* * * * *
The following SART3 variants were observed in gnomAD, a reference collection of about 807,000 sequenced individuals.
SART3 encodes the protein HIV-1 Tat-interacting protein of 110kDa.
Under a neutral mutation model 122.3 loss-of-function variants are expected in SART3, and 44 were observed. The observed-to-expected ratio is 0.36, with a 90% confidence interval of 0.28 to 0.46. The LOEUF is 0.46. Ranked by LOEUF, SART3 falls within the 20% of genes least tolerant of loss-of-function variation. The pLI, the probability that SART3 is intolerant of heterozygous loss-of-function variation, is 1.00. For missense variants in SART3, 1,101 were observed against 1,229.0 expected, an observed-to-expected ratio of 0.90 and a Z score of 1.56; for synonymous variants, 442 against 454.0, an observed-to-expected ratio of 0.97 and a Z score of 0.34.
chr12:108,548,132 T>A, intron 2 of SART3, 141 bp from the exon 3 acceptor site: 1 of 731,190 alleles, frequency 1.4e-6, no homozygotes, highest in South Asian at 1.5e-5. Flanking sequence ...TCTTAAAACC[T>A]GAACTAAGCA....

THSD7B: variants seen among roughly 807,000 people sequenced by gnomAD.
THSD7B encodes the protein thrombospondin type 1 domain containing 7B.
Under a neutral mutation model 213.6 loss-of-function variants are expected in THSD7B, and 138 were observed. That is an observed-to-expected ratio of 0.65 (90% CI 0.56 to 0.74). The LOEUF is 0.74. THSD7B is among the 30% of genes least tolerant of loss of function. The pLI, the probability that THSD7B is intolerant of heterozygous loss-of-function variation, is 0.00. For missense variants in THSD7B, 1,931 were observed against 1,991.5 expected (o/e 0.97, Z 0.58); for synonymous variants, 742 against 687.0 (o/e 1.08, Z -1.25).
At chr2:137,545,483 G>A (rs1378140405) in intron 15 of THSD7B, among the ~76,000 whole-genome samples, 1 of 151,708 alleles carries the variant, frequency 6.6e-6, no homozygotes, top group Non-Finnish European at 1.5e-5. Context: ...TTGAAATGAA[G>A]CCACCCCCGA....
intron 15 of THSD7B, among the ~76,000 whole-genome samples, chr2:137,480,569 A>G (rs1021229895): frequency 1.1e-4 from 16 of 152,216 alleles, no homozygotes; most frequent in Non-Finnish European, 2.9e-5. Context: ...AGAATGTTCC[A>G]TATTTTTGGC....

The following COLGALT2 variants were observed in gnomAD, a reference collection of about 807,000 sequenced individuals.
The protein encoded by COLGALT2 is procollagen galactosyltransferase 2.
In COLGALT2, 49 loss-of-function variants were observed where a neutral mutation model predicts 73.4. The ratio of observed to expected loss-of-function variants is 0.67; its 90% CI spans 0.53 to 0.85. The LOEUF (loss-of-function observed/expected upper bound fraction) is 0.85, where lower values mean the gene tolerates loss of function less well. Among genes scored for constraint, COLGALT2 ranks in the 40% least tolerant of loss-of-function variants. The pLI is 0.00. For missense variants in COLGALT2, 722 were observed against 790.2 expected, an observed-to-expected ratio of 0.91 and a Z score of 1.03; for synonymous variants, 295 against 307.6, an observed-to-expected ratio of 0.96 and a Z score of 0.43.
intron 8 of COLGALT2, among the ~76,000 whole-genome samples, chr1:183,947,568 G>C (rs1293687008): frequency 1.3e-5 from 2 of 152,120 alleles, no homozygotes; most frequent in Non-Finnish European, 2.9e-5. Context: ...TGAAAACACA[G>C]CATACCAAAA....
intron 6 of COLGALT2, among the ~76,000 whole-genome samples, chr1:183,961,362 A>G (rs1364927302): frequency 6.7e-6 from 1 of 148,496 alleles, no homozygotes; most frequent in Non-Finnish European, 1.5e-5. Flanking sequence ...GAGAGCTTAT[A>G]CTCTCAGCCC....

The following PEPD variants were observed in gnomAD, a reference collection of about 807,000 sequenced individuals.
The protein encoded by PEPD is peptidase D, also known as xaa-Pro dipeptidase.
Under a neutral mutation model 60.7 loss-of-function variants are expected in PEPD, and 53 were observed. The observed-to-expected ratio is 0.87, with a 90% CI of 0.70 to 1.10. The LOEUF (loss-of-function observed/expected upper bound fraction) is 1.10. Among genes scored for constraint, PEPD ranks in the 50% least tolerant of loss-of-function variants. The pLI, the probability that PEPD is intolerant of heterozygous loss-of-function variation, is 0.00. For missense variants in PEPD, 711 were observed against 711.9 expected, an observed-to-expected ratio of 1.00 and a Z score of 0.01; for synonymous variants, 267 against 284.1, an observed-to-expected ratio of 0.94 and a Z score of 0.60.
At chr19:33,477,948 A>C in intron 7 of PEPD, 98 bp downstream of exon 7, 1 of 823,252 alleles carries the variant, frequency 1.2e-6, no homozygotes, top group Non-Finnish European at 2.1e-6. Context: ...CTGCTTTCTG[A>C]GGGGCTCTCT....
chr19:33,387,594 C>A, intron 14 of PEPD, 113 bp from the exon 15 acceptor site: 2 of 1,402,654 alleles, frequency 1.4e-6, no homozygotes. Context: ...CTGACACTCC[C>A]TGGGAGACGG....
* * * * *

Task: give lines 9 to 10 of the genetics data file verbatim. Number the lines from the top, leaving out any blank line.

intron 15 of THSD7B, among the ~76,000 whole-genome samples, chr2:137,480,569 A>G (rs1021229895): frequency 1.1e-4 from 16 of 152,216 alleles, no homozygotes; most frequent in Non-Finnish European, 2.9e-5. Context: ...AGAATGTTCC[A>G]TATTTTTGGC....

The following COLGALT2 variants were observed in gnomAD, a reference collection of about 807,000 sequenced individuals.